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Basic Elements of Islamic Portugal: A Survey
By Geoffrey Luiz Gomes
The Journal of the American Portuguese Cultural Society, Vol. 5 (1971)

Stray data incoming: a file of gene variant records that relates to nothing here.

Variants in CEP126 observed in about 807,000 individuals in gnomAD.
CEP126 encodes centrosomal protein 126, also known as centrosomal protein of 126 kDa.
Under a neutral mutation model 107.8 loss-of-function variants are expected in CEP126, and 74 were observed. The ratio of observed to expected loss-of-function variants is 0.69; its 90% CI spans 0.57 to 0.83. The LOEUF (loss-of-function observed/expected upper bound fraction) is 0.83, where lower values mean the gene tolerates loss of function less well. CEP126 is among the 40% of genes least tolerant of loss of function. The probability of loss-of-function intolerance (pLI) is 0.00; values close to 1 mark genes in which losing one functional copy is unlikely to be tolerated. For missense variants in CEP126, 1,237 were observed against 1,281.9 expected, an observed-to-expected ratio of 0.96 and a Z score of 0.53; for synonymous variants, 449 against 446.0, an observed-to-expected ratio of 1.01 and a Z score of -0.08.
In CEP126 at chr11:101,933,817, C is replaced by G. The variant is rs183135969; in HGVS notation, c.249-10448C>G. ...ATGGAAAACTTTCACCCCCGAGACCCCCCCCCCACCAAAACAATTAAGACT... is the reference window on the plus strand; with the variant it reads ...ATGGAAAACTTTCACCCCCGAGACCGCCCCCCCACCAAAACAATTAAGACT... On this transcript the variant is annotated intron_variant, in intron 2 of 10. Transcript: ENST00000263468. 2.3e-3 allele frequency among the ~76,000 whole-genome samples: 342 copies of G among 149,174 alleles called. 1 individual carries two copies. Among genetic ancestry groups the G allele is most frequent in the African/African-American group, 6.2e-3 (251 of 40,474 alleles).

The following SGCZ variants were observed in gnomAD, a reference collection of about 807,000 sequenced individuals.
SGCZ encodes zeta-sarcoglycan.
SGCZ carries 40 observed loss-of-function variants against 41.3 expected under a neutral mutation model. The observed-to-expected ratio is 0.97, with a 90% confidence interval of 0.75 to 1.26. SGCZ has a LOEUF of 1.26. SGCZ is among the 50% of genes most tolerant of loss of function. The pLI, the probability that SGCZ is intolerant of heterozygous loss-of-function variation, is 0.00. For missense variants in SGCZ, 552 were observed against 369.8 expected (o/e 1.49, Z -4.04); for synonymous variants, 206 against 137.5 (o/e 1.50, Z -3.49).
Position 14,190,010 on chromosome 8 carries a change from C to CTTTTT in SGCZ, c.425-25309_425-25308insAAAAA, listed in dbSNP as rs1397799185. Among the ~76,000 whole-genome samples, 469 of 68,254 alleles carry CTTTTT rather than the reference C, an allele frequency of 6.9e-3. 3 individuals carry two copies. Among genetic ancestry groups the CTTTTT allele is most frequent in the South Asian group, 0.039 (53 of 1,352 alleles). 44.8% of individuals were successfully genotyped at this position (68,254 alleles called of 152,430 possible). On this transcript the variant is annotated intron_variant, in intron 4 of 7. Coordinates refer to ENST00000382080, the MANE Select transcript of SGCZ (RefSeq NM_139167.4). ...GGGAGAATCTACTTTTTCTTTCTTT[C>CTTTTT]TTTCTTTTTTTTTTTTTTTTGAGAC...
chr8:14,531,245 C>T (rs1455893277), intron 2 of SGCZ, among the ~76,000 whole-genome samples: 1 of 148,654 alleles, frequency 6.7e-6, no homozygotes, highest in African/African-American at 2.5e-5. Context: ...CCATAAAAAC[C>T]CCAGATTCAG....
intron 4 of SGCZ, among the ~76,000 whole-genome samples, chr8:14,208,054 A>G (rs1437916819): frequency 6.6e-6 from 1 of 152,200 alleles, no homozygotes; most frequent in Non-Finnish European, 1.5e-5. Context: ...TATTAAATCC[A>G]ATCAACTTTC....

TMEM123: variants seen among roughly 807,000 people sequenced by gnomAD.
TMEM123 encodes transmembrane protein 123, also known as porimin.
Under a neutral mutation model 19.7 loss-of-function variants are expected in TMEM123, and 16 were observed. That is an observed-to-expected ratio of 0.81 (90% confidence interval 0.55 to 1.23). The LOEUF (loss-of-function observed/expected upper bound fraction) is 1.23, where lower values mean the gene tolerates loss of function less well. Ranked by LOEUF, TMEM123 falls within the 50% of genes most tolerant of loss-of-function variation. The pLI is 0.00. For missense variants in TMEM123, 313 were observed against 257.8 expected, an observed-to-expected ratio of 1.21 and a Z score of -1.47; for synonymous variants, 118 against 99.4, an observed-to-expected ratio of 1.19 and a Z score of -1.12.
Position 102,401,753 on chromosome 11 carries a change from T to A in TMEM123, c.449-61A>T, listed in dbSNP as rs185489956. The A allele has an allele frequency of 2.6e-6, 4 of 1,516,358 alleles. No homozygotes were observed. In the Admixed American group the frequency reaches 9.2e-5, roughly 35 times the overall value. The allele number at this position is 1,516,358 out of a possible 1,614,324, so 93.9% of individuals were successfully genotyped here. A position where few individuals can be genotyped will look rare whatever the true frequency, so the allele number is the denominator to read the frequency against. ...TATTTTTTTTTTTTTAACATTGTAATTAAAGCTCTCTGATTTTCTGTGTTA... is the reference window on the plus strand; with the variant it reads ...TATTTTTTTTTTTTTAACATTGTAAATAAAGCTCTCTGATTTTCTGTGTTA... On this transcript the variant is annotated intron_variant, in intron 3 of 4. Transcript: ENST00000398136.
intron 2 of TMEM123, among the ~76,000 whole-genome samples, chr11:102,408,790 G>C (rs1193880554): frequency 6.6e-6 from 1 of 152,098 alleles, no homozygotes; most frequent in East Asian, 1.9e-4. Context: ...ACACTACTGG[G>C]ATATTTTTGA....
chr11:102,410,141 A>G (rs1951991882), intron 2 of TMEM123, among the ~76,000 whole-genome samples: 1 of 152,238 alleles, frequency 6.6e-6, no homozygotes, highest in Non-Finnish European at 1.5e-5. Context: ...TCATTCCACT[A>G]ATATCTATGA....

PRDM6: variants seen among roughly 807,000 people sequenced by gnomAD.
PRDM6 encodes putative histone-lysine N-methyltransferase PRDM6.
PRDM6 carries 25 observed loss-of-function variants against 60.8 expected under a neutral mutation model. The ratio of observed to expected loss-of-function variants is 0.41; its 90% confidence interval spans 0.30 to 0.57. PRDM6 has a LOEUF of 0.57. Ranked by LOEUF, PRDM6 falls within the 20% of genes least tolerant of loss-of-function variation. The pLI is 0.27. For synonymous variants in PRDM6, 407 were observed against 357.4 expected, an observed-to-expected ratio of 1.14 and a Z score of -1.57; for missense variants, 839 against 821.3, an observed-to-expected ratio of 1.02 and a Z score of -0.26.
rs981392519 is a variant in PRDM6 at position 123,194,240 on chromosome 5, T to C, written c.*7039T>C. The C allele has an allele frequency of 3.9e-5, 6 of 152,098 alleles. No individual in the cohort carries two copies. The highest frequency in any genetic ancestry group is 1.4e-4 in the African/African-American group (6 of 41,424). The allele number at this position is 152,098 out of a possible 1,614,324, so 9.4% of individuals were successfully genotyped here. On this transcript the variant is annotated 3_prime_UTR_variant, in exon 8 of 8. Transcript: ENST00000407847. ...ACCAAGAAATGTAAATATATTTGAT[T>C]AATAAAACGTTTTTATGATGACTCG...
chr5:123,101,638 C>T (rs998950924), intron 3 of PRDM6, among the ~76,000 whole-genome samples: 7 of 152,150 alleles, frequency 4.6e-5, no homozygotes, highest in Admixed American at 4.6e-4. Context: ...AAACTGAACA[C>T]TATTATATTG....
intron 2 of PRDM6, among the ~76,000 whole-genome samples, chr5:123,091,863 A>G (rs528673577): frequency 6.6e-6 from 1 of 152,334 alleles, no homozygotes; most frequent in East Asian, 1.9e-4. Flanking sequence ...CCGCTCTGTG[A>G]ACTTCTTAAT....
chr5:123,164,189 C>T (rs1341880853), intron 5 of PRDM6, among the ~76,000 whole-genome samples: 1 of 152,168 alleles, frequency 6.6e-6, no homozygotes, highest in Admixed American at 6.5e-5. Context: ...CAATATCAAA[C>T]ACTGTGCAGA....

Introduction: Conquered shortly after the initial Moorish invasion of the Iberian Peninsula in 711, Portugal formed at the time the western extremity of Visigothic Spain. Less than five centuries later, Portugal would be one of several Christian kingdoms gradually extending their boundaries southward until the last remnant of al-Andalus finally capitulated in 1492. Thus ended nearly eight centuries of almost continual Muslim-Christian conflict. For Portugal, however, the Reconquest was a less protracted affair than for the other Christian kingdoms of the Peninsula. Portuguese independence is traditionally set at 1139 or 1140, when Afonso Henriques first assumed the title ‘King of Portugal’. A status approximating independence can be seen as early as 1094 or 1095, when the county of Portugal, consisting of the territory between the Minho and Tejo Rivrs, was governed by Henrique de Borgonha (Henry of Burgundy) as a vassalage of Afonso VI of Leon. It was then that Portugal was severed from Galicia and emerged, for the first time, as a separate political entity.